The endocannabinoid system (ECS) consists of cannabinoid receptors distributed throughout both the central nervous system (CNS) and peripheral tissues of the human body. It is mainly responsible for maintaining homeostasis among bodily systems including but not limited to the: immune, metabolic, cardiovascular / circulatory, musculoskeletal, and central nervous system; the endocannabinoid system is being studied for its potential to be manipulated in order to either inhibit or facilitate certain outcomes related to disease.

Studies suggest that the endocannabinoid system plays a role in neuroprotection and the regulation of the immune system. Regulating immune cells through, “proliferation and apoptosis” (Endocannabinoids and immune regulation), harmful, non-functional cells (such as malignant cancer cells) are reduced while functioning cells are increased. Similarly, receptors of the endocannabinoid system have been shown to play a role in the regulation of inflammation in both the CNS and peripheral systems. In terms of metabolism, receptors in the gastrointestinal tract as well as the hypothalamic nuclei have shown a direct relationship to hunger and satiety signals. Additionally, receptors found in liver and adipose tissue correlate to the formation and reduction of fat. Potential manipulation of such receptors may open up the possibility of treatments for dietary conditions such as eating disorders or obesity. Cannabinoid receptors found in the cardiovascular system have been found to play a role in vasorelaxation and vasoconstriction leading to potential targets to confront issues such as hypertension. With relation to the central nervous system, the area of most concentrated cannabinoid receptors, the endocannabinoid system has a hand in many foundational human activities such as, “pain reduction, motor regulation, learning/memory, and reward”.



Given the widespread distribution of receptors in the ECS, it’s not improbable that many different disorders can result from an imbalance in this system. These imbalances may be congenital or acquired. If it’s a deficit originating from birth, it’s possible that genetically-susceptible individuals might produce inadequate endocannabinoids, or that their degradation happens too quickly. The same deficits might be acquired through injury or infection, or potentially nutritional imbalances.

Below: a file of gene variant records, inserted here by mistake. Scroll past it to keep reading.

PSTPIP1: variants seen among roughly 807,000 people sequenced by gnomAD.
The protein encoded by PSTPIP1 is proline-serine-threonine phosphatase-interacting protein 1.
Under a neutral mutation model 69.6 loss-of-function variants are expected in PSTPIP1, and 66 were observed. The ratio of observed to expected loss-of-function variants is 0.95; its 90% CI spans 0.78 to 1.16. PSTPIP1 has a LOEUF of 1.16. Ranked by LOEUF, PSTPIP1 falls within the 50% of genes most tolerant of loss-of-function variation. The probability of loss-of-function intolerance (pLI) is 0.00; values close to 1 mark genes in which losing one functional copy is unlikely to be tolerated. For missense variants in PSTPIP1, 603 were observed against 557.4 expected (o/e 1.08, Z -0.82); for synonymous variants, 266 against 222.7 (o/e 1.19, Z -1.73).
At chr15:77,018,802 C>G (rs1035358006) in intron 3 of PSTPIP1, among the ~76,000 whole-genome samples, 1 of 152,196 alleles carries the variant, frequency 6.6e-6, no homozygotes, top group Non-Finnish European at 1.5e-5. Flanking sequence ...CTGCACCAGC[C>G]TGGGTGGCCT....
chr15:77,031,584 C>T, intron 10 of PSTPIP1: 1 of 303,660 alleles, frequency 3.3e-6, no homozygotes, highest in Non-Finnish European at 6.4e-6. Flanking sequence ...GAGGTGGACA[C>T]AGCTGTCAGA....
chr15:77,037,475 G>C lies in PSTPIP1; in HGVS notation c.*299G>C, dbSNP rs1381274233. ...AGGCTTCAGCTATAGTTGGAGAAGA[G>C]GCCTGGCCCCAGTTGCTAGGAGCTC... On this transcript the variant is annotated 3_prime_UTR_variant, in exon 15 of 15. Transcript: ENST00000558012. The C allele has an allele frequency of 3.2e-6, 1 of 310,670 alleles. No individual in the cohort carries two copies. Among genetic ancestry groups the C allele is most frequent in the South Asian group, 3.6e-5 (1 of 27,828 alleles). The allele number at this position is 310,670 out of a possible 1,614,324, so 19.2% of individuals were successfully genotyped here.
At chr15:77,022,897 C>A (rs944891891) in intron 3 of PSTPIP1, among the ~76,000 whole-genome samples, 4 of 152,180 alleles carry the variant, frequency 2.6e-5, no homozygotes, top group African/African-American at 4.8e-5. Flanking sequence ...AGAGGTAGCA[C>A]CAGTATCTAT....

Dr. Ethan Russo, a prominent and well-published cannabinoid researcher, has written a detailed description of the endocannabinoid system, results of a and its efficacy for human health:
“The analgesic and palliative effects of the cannabis and cannabinoid preparation have been amply reported over the past generation. In essence, the effects result from a combination of receptor and non-receptor mediated mechanisms. THC and other cannabinoids exert many actions through cannabinoid receptors, G-protein coupled membrane receptors that are extremely densely represented in central, spinal, and peripheral nociceptive pathways.”

“Endogenous cannabinoids (endocannabinoids) even regulate integrative pain structures such as the periaqueductal gray matter. The endocannabinoid system also interacts in numerous ways with the endogenous opioid and vanillio systems that can modulate analgesia and with a myriad of other neurotransmitter systems such as the serotonergic, dopaminergic, glutamatergic, etc, pertinent to pain. [Russo] has suggested that a clinical endocannabinoid deficiency may underlie the pathogenesis of migraine, fibromyalgia, idiopathic bowel syndrome, and numerous other painful conditions that defy modern pathophysiological explanation or adequate treatment.”

“Furthermore, researchers Steele Clarke Smith and Mark S. Wagner referenced Dr. Russo’s thoughts on why CBD has such a widespread mechanism of action across the body in their 2014 paper (Russo 2004):
“Dr. Russo understood that each neurotransmitter system can have pathological conditions caused by a deficiency: Alzheimer’s dementia attributed to loss of acetylcholine activity, parkinsonism due to dopamine deficiency, depression associated with lowered levels of serotonin, etc.

Thus, he reasoned, should this be any different in the endocannabinoid system, where the endocannabinoid receptors are especially dense? Could an endocannabinoid deficiency – either congenital or acquired – explain the pathophysioloogy of these elusive conditions?”
This seems to be the general tenet underlying the unparalleled therapeutic diversity of CBD and other cannabinoids, and why supplementation with exogenous cannabinoids may help correct imbalances resulting from an endocannabinoid deficiency.